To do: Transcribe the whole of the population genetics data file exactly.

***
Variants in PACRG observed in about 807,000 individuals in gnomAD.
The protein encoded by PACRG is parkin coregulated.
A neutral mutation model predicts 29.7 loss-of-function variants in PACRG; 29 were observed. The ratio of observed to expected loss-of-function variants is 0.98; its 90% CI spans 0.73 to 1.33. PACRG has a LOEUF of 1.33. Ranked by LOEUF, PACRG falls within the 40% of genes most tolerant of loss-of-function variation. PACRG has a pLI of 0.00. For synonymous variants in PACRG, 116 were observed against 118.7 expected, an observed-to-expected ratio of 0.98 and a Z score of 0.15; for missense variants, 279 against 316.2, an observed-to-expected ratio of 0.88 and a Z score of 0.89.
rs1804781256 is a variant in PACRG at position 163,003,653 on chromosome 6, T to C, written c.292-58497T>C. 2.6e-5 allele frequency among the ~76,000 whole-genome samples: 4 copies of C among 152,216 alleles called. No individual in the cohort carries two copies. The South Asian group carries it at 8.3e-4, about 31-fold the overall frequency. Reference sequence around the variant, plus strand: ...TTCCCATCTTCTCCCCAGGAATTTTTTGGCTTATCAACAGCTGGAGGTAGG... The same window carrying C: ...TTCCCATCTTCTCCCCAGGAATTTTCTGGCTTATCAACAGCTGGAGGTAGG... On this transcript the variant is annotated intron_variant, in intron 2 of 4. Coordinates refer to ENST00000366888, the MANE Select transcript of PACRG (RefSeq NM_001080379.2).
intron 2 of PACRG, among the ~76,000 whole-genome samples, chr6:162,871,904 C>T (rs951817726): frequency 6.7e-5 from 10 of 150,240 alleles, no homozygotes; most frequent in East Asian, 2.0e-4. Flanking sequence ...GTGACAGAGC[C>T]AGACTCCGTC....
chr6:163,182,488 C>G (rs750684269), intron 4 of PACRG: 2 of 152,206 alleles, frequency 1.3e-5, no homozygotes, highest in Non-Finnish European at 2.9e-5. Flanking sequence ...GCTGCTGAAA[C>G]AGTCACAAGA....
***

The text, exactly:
Variants in PACRG observed in about 807,000 individuals in gnomAD.
The protein encoded by PACRG is parkin coregulated.
A neutral mutation model predicts 29.7 loss-of-function variants in PACRG; 29 were observed. The ratio of observed to expected loss-of-function variants is 0.98; its 90% CI spans 0.73 to 1.33. PACRG has a LOEUF of 1.33. Ranked by LOEUF, PACRG falls within the 40% of genes most tolerant of loss-of-function variation. PACRG has a pLI of 0.00. For synonymous variants in PACRG, 116 were observed against 118.7 expected, an observed-to-expected ratio of 0.98 and a Z score of 0.15; for missense variants, 279 against 316.2, an observed-to-expected ratio of 0.88 and a Z score of 0.89.
rs1804781256 is a variant in PACRG at position 163,003,653 on chromosome 6, T to C, written c.292-58497T>C. 2.6e-5 allele frequency among the ~76,000 whole-genome samples: 4 copies of C among 152,216 alleles called. No individual in the cohort carries two copies. The South Asian group carries it at 8.3e-4, about 31-fold the overall frequency. Reference sequence around the variant, plus strand: ...TTCCCATCTTCTCCCCAGGAATTTTTTGGCTTATCAACAGCTGGAGGTAGG... The same window carrying C: ...TTCCCATCTTCTCCCCAGGAATTTTCTGGCTTATCAACAGCTGGAGGTAGG... On this transcript the variant is annotated intron_variant, in intron 2 of 4. Coordinates refer to ENST00000366888, the MANE Select transcript of PACRG (RefSeq NM_001080379.2).
intron 2 of PACRG, among the ~76,000 whole-genome samples, chr6:162,871,904 C>T (rs951817726): frequency 6.7e-5 from 10 of 150,240 alleles, no homozygotes; most frequent in East Asian, 2.0e-4. Flanking sequence ...GTGACAGAGC[C>T]AGACTCCGTC....
chr6:163,182,488 C>G (rs750684269), intron 4 of PACRG: 2 of 152,206 alleles, frequency 1.3e-5, no homozygotes, highest in Non-Finnish European at 2.9e-5. Flanking sequence ...GCTGCTGAAA[C>G]AGTCACAAGA....